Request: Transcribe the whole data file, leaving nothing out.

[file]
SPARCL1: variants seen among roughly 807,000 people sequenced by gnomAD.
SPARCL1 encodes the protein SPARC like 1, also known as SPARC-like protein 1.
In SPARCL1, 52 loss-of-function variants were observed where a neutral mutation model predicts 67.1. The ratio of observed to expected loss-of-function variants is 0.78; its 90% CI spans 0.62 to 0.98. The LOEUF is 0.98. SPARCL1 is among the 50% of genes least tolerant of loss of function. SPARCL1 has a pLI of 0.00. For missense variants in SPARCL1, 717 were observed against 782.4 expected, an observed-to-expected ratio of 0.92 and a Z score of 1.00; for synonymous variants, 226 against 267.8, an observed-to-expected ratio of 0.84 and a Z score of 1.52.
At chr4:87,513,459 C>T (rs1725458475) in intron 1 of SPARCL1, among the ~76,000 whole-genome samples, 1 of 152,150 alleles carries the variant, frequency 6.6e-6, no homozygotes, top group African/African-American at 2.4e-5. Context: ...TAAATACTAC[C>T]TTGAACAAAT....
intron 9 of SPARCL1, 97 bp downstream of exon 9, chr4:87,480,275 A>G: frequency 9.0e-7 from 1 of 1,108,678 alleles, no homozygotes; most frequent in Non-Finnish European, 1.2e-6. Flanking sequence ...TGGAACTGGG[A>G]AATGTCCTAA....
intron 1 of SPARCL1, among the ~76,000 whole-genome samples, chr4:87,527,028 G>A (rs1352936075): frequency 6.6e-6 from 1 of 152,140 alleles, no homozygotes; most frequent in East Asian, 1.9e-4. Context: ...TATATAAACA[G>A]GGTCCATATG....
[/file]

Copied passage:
SPARCL1: variants seen among roughly 807,000 people sequenced by gnomAD.
SPARCL1 encodes the protein SPARC like 1, also known as SPARC-like protein 1.
In SPARCL1, 52 loss-of-function variants were observed where a neutral mutation model predicts 67.1. The ratio of observed to expected loss-of-function variants is 0.78; its 90% CI spans 0.62 to 0.98. The LOEUF is 0.98. SPARCL1 is among the 50% of genes least tolerant of loss of function. SPARCL1 has a pLI of 0.00. For missense variants in SPARCL1, 717 were observed against 782.4 expected, an observed-to-expected ratio of 0.92 and a Z score of 1.00; for synonymous variants, 226 against 267.8, an observed-to-expected ratio of 0.84 and a Z score of 1.52.
At chr4:87,513,459 C>T (rs1725458475) in intron 1 of SPARCL1, among the ~76,000 whole-genome samples, 1 of 152,150 alleles carries the variant, frequency 6.6e-6, no homozygotes, top group African/African-American at 2.4e-5. Context: ...TAAATACTAC[C>T]TTGAACAAAT....
intron 9 of SPARCL1, 97 bp downstream of exon 9, chr4:87,480,275 A>G: frequency 9.0e-7 from 1 of 1,108,678 alleles, no homozygotes; most frequent in Non-Finnish European, 1.2e-6. Flanking sequence ...TGGAACTGGG[A>G]AATGTCCTAA....
intron 1 of SPARCL1, among the ~76,000 whole-genome samples, chr4:87,527,028 G>A (rs1352936075): frequency 6.6e-6 from 1 of 152,140 alleles, no homozygotes; most frequent in East Asian, 1.9e-4. Context: ...TATATAAACA[G>A]GGTCCATATG....